The data is clear: If you want to keep first-year students coming back, make sure they have hands-on access to academic advisors.
“Two years ago, we launched a first-year advising program, adding an advisor to each college to focus on students who are just beginning their college journey,” said Tricia McCrory, executive director of undergraduate advising practice. “Every first-year student has a point of contact within their college for the whole first year.”
Among first-year students in fall 2019, nearly 85 percent who consulted an academic advisor two or more times re-enrolled for their sophomore year. For those with just one visit, 70 percent went on to a second year. Only 56 percent of students who did not consult an academic advisor came back for a second year.
UNLV’s Top Tier goal for retention is 85 percent by 2025. As of 2019, it now stands at 79.8 percent.
McCrory’s efforts to increase access to advising and improve retention rates have earned her the 2021 Top Tier Award, which recognizes employees who make outstanding contributions to the advancement of UNLV through their commitment to institutional values and the Top Tier plan.
“One of the most challenging parts of managing this type of student success initiative is understanding that academic advisors need to reside within individual colleges, but must have central coordination,” said Laurel Pritchard, vice provost for undergraduate education. “Tricia has been very good at that, cultivating strong relationships with advisors and advising directors so she can advocate for what the advising community needs while making sure they understand the university’s goals for student achievement.”
McCrory also designed an orientation program for new advisors that reinforces the university’s Top Tier plan and encourages advisors to connect their own advising philosophies to the Top Tier mission.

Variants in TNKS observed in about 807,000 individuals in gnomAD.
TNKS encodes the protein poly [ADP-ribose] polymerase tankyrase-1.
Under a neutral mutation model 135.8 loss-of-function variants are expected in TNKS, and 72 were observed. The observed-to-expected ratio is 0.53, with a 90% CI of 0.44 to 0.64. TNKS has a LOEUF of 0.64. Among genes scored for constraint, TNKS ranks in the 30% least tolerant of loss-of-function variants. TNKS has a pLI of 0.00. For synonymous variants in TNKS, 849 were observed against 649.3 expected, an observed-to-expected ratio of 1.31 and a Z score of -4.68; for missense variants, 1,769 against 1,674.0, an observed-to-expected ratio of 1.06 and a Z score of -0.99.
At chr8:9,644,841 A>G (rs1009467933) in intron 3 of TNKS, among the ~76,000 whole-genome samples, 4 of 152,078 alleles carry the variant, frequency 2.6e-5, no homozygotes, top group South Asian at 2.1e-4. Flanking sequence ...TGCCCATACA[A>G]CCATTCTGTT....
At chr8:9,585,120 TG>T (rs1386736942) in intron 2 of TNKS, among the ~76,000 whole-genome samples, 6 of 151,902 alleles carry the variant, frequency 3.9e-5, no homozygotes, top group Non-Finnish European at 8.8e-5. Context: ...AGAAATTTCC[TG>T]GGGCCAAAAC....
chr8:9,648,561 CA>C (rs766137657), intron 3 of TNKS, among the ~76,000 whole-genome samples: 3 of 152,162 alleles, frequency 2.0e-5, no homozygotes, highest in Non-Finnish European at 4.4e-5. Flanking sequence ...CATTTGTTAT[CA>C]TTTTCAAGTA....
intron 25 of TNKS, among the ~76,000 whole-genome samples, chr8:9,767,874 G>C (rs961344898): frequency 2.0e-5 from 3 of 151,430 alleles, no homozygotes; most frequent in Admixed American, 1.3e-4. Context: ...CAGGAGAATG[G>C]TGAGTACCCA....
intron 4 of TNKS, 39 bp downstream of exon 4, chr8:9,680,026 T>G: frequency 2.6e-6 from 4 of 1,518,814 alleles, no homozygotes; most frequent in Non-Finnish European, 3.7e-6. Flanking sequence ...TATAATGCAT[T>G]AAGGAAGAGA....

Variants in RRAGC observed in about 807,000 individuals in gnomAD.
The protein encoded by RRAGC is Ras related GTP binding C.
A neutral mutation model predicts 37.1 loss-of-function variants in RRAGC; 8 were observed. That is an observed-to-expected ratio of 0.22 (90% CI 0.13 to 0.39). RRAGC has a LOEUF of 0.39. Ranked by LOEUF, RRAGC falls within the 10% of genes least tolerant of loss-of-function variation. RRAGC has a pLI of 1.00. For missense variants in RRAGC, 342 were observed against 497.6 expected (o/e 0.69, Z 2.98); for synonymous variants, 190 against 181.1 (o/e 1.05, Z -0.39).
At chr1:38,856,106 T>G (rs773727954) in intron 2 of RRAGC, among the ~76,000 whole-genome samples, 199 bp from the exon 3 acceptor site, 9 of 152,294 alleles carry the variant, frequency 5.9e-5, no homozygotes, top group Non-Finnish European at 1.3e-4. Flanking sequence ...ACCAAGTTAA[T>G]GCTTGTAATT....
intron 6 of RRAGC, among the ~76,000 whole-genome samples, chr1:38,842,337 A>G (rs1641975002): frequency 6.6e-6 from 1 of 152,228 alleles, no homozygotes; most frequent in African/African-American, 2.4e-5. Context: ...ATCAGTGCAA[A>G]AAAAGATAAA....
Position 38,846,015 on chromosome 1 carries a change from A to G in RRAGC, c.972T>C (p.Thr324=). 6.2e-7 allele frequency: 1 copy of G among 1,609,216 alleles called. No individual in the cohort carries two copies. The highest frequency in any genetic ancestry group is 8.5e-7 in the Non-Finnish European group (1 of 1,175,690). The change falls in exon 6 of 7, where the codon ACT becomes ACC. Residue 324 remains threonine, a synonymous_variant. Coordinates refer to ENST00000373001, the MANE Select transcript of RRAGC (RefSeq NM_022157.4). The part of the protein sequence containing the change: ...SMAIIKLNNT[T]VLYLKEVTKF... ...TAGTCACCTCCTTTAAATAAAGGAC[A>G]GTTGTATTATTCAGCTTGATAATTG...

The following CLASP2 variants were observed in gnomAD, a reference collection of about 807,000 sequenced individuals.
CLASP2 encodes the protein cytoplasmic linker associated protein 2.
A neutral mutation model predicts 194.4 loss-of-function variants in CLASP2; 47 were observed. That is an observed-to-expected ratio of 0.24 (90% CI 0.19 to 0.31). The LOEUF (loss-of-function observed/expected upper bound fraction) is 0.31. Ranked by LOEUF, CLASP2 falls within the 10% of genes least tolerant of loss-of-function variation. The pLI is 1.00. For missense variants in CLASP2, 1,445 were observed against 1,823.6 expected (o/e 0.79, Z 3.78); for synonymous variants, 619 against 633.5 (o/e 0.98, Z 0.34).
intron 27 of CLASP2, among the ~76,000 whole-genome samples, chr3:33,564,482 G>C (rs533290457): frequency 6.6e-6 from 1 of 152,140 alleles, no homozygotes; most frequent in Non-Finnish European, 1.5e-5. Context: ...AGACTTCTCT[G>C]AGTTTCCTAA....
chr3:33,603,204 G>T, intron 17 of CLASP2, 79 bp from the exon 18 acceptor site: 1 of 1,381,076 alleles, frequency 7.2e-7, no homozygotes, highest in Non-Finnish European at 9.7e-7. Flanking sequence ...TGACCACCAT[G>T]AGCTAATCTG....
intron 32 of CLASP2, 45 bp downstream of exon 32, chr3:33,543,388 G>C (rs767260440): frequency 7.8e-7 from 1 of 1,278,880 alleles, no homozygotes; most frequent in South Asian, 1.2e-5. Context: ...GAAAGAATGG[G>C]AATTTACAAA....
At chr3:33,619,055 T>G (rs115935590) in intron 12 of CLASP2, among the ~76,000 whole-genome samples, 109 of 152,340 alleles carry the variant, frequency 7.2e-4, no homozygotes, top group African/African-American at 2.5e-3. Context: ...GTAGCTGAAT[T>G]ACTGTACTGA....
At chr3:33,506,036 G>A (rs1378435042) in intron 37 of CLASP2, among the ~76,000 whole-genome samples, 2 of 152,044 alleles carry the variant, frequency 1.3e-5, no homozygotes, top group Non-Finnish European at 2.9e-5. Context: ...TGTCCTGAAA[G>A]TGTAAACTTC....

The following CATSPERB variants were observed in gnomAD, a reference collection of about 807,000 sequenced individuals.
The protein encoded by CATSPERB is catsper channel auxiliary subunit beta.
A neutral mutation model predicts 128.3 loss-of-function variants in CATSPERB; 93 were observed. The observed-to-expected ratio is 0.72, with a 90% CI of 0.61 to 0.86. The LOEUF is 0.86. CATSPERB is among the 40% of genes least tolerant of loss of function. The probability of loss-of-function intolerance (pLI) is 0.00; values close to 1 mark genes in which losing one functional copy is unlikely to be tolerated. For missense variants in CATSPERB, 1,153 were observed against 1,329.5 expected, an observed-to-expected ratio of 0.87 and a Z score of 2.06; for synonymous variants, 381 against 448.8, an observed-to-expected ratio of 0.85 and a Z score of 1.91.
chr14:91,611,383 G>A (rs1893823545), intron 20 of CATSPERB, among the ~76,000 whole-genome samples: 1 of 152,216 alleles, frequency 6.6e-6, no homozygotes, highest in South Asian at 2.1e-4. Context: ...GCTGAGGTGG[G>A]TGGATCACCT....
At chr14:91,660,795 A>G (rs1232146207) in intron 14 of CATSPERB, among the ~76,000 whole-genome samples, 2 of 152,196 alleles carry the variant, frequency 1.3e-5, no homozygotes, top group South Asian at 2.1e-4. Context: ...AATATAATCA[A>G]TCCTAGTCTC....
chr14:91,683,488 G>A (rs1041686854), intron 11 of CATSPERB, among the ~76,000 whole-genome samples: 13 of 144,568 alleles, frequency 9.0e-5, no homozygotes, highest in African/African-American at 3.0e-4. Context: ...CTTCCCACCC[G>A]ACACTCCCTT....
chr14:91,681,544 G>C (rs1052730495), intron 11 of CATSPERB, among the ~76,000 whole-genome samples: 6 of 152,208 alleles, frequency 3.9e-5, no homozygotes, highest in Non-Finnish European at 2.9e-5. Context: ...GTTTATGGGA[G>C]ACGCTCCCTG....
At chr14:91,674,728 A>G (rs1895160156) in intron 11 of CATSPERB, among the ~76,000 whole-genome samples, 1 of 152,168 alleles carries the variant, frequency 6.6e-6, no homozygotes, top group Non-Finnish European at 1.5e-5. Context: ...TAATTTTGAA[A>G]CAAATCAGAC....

Carlee Todd, who oversees new student orientation within the office of undergraduate admissions, credits McCrory’s innovation for the successful switch from in-person to virtual orientation programs when the pandemic forced university operations to go almost entirely online.
“When it all happened, there was no model, no game plan for how to do an online orientation and make sure incoming students have everything for their transition to college,” Todd said. “Thank God for Tricia. She partnered with us, and after many late nights, we had a really great program with 11 WebCampus courses – one for each of the colleges – so students would have all the information they needed. We did it quickly and we did together, and now, it’s something we’ll probably continue to enhance even as we go back to in-person orientation.”
McCrory, for her part, won't take all the credit.
“This recognition is for the advising community as a whole,” she said. “I will continue to do my best to encourage and support academic advising professionals so that they have what it takes to guide and assist our students.”